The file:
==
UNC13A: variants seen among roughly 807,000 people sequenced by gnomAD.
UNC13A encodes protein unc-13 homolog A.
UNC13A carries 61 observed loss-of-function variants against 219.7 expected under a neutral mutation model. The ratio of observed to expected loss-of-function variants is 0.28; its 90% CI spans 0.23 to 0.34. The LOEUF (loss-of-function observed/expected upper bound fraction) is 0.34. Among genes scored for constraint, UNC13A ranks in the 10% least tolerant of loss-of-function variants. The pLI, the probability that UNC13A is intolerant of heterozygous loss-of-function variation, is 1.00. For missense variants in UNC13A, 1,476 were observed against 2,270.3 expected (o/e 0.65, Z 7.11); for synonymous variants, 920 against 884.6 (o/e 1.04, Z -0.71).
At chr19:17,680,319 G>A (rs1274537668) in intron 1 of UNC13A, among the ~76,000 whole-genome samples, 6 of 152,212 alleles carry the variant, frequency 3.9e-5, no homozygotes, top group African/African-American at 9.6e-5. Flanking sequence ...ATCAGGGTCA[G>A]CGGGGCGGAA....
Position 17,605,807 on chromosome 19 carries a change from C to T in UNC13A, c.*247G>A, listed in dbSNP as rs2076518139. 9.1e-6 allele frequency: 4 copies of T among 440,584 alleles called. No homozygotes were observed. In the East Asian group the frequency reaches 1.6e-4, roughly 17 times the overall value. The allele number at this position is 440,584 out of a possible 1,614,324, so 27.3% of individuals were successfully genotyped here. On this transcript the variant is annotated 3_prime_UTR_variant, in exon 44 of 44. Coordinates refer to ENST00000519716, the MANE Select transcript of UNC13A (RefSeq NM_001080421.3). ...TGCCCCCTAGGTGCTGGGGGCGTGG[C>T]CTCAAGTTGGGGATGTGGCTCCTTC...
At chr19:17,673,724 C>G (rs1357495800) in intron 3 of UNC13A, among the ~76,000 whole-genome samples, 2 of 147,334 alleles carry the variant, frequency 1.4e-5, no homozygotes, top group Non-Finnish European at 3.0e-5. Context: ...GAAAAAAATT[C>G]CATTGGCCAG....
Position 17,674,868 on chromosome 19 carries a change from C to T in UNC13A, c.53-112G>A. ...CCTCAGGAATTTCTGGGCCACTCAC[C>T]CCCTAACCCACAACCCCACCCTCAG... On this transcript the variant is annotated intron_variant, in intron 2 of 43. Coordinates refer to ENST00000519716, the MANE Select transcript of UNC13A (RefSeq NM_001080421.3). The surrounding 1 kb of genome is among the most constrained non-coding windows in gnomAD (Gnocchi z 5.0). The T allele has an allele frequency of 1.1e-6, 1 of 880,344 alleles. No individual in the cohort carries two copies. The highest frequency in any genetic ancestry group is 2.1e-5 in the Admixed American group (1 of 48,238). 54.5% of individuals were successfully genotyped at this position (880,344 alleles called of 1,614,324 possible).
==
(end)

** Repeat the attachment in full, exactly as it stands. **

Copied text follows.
UNC13A: variants seen among roughly 807,000 people sequenced by gnomAD.
UNC13A encodes protein unc-13 homolog A.
UNC13A carries 61 observed loss-of-function variants against 219.7 expected under a neutral mutation model. The ratio of observed to expected loss-of-function variants is 0.28; its 90% CI spans 0.23 to 0.34. The LOEUF (loss-of-function observed/expected upper bound fraction) is 0.34. Among genes scored for constraint, UNC13A ranks in the 10% least tolerant of loss-of-function variants. The pLI, the probability that UNC13A is intolerant of heterozygous loss-of-function variation, is 1.00. For missense variants in UNC13A, 1,476 were observed against 2,270.3 expected (o/e 0.65, Z 7.11); for synonymous variants, 920 against 884.6 (o/e 1.04, Z -0.71).
At chr19:17,680,319 G>A (rs1274537668) in intron 1 of UNC13A, among the ~76,000 whole-genome samples, 6 of 152,212 alleles carry the variant, frequency 3.9e-5, no homozygotes, top group African/African-American at 9.6e-5. Flanking sequence ...ATCAGGGTCA[G>A]CGGGGCGGAA....
Position 17,605,807 on chromosome 19 carries a change from C to T in UNC13A, c.*247G>A, listed in dbSNP as rs2076518139. 9.1e-6 allele frequency: 4 copies of T among 440,584 alleles called. No homozygotes were observed. In the East Asian group the frequency reaches 1.6e-4, roughly 17 times the overall value. The allele number at this position is 440,584 out of a possible 1,614,324, so 27.3% of individuals were successfully genotyped here. On this transcript the variant is annotated 3_prime_UTR_variant, in exon 44 of 44. Coordinates refer to ENST00000519716, the MANE Select transcript of UNC13A (RefSeq NM_001080421.3). ...TGCCCCCTAGGTGCTGGGGGCGTGG[C>T]CTCAAGTTGGGGATGTGGCTCCTTC...
At chr19:17,673,724 C>G (rs1357495800) in intron 3 of UNC13A, among the ~76,000 whole-genome samples, 2 of 147,334 alleles carry the variant, frequency 1.4e-5, no homozygotes, top group Non-Finnish European at 3.0e-5. Context: ...GAAAAAAATT[C>G]CATTGGCCAG....
Position 17,674,868 on chromosome 19 carries a change from C to T in UNC13A, c.53-112G>A. ...CCTCAGGAATTTCTGGGCCACTCAC[C>T]CCCTAACCCACAACCCCACCCTCAG... On this transcript the variant is annotated intron_variant, in intron 2 of 43. Coordinates refer to ENST00000519716, the MANE Select transcript of UNC13A (RefSeq NM_001080421.3). The surrounding 1 kb of genome is among the most constrained non-coding windows in gnomAD (Gnocchi z 5.0). The T allele has an allele frequency of 1.1e-6, 1 of 880,344 alleles. No individual in the cohort carries two copies. The highest frequency in any genetic ancestry group is 2.1e-5 in the Admixed American group (1 of 48,238). 54.5% of individuals were successfully genotyped at this position (880,344 alleles called of 1,614,324 possible).